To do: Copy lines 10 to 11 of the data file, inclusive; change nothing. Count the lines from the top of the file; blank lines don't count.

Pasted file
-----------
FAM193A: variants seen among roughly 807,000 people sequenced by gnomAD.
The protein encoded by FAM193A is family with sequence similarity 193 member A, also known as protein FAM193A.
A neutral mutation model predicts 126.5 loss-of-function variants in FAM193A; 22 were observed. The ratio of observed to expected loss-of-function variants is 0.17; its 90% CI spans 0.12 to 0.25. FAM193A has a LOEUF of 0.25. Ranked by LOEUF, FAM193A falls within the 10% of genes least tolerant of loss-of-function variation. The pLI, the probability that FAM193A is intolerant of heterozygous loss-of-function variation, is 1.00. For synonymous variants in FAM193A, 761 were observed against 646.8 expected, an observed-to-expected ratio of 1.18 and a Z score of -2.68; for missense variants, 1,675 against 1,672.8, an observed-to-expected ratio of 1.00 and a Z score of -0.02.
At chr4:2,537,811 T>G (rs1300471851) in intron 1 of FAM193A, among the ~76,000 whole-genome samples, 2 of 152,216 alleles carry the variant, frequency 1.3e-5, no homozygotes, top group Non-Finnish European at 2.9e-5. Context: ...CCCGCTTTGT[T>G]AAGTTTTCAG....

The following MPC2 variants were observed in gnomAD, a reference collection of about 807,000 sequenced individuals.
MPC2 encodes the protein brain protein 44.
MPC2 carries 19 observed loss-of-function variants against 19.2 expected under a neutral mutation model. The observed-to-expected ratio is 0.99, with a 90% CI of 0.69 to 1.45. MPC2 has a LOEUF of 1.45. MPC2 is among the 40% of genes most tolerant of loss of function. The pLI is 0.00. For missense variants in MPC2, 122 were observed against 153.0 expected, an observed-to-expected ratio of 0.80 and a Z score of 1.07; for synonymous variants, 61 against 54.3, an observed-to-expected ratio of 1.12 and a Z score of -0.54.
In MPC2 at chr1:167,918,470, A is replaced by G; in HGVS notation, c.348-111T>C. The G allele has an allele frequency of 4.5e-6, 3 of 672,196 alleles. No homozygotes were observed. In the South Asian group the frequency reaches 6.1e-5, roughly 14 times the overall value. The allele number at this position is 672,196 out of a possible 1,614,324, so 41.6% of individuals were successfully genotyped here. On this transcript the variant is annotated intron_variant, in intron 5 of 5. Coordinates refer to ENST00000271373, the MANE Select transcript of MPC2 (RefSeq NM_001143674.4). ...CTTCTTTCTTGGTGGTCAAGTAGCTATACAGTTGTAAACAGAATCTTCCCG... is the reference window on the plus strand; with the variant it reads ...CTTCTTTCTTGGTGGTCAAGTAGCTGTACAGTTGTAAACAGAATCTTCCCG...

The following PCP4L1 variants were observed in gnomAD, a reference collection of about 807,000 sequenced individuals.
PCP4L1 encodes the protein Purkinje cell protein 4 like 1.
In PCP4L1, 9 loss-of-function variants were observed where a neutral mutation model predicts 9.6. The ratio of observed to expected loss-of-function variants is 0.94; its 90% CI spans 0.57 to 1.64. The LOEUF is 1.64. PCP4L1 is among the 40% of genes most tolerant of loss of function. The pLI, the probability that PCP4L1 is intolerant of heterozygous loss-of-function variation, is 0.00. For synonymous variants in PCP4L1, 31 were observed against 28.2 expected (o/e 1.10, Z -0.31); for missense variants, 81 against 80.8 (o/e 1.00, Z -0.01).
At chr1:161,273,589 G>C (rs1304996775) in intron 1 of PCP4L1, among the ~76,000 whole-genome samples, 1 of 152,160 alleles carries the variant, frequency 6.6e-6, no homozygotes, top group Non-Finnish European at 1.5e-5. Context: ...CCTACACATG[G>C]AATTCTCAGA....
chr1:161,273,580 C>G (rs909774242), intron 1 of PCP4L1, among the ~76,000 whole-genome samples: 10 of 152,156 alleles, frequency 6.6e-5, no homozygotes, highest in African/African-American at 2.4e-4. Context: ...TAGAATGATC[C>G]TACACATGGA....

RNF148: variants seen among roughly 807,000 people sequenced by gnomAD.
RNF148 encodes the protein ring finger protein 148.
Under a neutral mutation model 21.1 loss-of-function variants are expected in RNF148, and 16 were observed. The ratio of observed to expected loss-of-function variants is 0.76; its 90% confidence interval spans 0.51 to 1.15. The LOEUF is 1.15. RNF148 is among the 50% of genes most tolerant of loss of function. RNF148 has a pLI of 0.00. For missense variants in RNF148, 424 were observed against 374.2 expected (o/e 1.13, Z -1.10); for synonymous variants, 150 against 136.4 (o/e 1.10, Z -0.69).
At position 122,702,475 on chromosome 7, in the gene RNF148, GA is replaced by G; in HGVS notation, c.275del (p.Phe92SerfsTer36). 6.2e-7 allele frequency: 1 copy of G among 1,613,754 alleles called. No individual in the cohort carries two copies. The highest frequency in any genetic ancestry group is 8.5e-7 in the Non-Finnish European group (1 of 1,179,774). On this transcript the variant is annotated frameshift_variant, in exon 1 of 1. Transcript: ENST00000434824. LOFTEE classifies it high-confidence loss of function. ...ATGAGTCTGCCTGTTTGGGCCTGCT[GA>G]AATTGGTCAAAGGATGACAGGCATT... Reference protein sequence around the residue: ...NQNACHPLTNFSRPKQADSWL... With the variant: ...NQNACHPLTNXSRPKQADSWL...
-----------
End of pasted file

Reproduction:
PCP4L1 encodes the protein Purkinje cell protein 4 like 1.
In PCP4L1, 9 loss-of-function variants were observed where a neutral mutation model predicts 9.6. The ratio of observed to expected loss-of-function variants is 0.94; its 90% CI spans 0.57 to 1.64. The LOEUF is 1.64. PCP4L1 is among the 40% of genes most tolerant of loss of function. The pLI, the probability that PCP4L1 is intolerant of heterozygous loss-of-function variation, is 0.00. For synonymous variants in PCP4L1, 31 were observed against 28.2 expected (o/e 1.10, Z -0.31); for missense variants, 81 against 80.8 (o/e 1.00, Z -0.01).